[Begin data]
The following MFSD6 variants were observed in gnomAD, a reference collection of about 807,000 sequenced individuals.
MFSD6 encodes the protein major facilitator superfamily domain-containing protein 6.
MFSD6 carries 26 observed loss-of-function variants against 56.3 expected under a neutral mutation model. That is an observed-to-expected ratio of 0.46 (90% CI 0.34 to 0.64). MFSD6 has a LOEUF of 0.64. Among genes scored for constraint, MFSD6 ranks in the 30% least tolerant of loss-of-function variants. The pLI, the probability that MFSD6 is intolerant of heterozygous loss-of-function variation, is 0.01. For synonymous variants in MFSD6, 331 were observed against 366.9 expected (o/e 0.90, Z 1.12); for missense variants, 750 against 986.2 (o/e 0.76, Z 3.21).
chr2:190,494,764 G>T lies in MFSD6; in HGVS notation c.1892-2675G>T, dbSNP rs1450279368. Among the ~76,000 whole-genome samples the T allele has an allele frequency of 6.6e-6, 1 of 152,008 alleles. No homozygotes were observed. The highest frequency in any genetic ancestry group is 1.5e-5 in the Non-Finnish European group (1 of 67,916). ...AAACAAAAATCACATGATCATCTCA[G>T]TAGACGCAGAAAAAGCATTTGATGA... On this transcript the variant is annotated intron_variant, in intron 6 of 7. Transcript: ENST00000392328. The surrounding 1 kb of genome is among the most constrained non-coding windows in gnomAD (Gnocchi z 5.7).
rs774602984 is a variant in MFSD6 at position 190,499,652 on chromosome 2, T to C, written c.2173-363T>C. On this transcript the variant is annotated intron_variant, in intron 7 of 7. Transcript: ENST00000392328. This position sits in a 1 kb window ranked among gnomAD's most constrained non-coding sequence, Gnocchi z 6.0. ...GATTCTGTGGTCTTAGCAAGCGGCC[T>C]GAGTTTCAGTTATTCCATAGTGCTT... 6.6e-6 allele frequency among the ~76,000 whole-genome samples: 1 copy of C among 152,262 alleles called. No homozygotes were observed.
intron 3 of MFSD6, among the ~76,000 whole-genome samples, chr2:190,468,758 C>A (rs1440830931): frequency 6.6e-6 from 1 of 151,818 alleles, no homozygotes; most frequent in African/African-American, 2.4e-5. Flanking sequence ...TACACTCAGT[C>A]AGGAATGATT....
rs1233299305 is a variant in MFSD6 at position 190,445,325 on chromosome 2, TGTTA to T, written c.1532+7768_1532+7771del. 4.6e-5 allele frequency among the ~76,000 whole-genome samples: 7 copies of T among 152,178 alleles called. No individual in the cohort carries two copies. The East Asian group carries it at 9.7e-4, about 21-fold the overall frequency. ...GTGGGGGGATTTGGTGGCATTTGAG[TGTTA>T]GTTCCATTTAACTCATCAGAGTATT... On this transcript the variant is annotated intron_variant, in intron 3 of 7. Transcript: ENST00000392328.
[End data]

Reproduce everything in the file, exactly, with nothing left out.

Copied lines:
The following MFSD6 variants were observed in gnomAD, a reference collection of about 807,000 sequenced individuals.
MFSD6 encodes the protein major facilitator superfamily domain-containing protein 6.
MFSD6 carries 26 observed loss-of-function variants against 56.3 expected under a neutral mutation model. That is an observed-to-expected ratio of 0.46 (90% CI 0.34 to 0.64). MFSD6 has a LOEUF of 0.64. Among genes scored for constraint, MFSD6 ranks in the 30% least tolerant of loss-of-function variants. The pLI, the probability that MFSD6 is intolerant of heterozygous loss-of-function variation, is 0.01. For synonymous variants in MFSD6, 331 were observed against 366.9 expected (o/e 0.90, Z 1.12); for missense variants, 750 against 986.2 (o/e 0.76, Z 3.21).
chr2:190,494,764 G>T lies in MFSD6; in HGVS notation c.1892-2675G>T, dbSNP rs1450279368. Among the ~76,000 whole-genome samples the T allele has an allele frequency of 6.6e-6, 1 of 152,008 alleles. No homozygotes were observed. The highest frequency in any genetic ancestry group is 1.5e-5 in the Non-Finnish European group (1 of 67,916). ...AAACAAAAATCACATGATCATCTCA[G>T]TAGACGCAGAAAAAGCATTTGATGA... On this transcript the variant is annotated intron_variant, in intron 6 of 7. Transcript: ENST00000392328. The surrounding 1 kb of genome is among the most constrained non-coding windows in gnomAD (Gnocchi z 5.7).
rs774602984 is a variant in MFSD6 at position 190,499,652 on chromosome 2, T to C, written c.2173-363T>C. On this transcript the variant is annotated intron_variant, in intron 7 of 7. Transcript: ENST00000392328. This position sits in a 1 kb window ranked among gnomAD's most constrained non-coding sequence, Gnocchi z 6.0. ...GATTCTGTGGTCTTAGCAAGCGGCC[T>C]GAGTTTCAGTTATTCCATAGTGCTT... 6.6e-6 allele frequency among the ~76,000 whole-genome samples: 1 copy of C among 152,262 alleles called. No homozygotes were observed.
intron 3 of MFSD6, among the ~76,000 whole-genome samples, chr2:190,468,758 C>A (rs1440830931): frequency 6.6e-6 from 1 of 151,818 alleles, no homozygotes; most frequent in African/African-American, 2.4e-5. Flanking sequence ...TACACTCAGT[C>A]AGGAATGATT....
rs1233299305 is a variant in MFSD6 at position 190,445,325 on chromosome 2, TGTTA to T, written c.1532+7768_1532+7771del. 4.6e-5 allele frequency among the ~76,000 whole-genome samples: 7 copies of T among 152,178 alleles called. No individual in the cohort carries two copies. The East Asian group carries it at 9.7e-4, about 21-fold the overall frequency. ...GTGGGGGGATTTGGTGGCATTTGAG[TGTTA>T]GTTCCATTTAACTCATCAGAGTATT... On this transcript the variant is annotated intron_variant, in intron 3 of 7. Transcript: ENST00000392328.